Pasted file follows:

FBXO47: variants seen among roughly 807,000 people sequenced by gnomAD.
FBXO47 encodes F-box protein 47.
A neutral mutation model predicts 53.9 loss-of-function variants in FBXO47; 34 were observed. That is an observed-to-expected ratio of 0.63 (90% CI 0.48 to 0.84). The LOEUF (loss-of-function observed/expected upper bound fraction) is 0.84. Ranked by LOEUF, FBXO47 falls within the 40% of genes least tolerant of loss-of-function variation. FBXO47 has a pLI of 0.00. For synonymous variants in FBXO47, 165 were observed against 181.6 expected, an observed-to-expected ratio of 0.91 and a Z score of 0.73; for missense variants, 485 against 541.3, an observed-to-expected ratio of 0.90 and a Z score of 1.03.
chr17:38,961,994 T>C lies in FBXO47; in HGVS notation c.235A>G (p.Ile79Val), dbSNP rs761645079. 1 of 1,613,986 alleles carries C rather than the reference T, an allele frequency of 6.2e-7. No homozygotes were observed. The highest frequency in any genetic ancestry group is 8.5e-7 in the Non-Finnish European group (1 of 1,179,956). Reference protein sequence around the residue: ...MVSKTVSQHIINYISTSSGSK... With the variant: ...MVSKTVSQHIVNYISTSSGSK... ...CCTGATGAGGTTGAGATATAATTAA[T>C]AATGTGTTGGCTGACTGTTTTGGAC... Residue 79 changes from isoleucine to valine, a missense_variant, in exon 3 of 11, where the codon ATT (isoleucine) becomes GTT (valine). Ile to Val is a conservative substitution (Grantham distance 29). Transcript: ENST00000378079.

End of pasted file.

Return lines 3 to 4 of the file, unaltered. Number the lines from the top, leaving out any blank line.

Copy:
A neutral mutation model predicts 53.9 loss-of-function variants in FBXO47; 34 were observed. That is an observed-to-expected ratio of 0.63 (90% CI 0.48 to 0.84). The LOEUF (loss-of-function observed/expected upper bound fraction) is 0.84. Ranked by LOEUF, FBXO47 falls within the 40% of genes least tolerant of loss-of-function variation. FBXO47 has a pLI of 0.00. For synonymous variants in FBXO47, 165 were observed against 181.6 expected, an observed-to-expected ratio of 0.91 and a Z score of 0.73; for missense variants, 485 against 541.3, an observed-to-expected ratio of 0.90 and a Z score of 1.03.
chr17:38,961,994 T>C lies in FBXO47; in HGVS notation c.235A>G (p.Ile79Val), dbSNP rs761645079. 1 of 1,613,986 alleles carries C rather than the reference T, an allele frequency of 6.2e-7. No homozygotes were observed. The highest frequency in any genetic ancestry group is 8.5e-7 in the Non-Finnish European group (1 of 1,179,956). Reference protein sequence around the residue: ...MVSKTVSQHIINYISTSSGSK... With the variant: ...MVSKTVSQHIVNYISTSSGSK... ...CCTGATGAGGTTGAGATATAATTAA[T>C]AATGTGTTGGCTGACTGTTTTGGAC... Residue 79 changes from isoleucine to valine, a missense_variant, in exon 3 of 11, where the codon ATT (isoleucine) becomes GTT (valine). Ile to Val is a conservative substitution (Grantham distance 29). Transcript: ENST00000378079.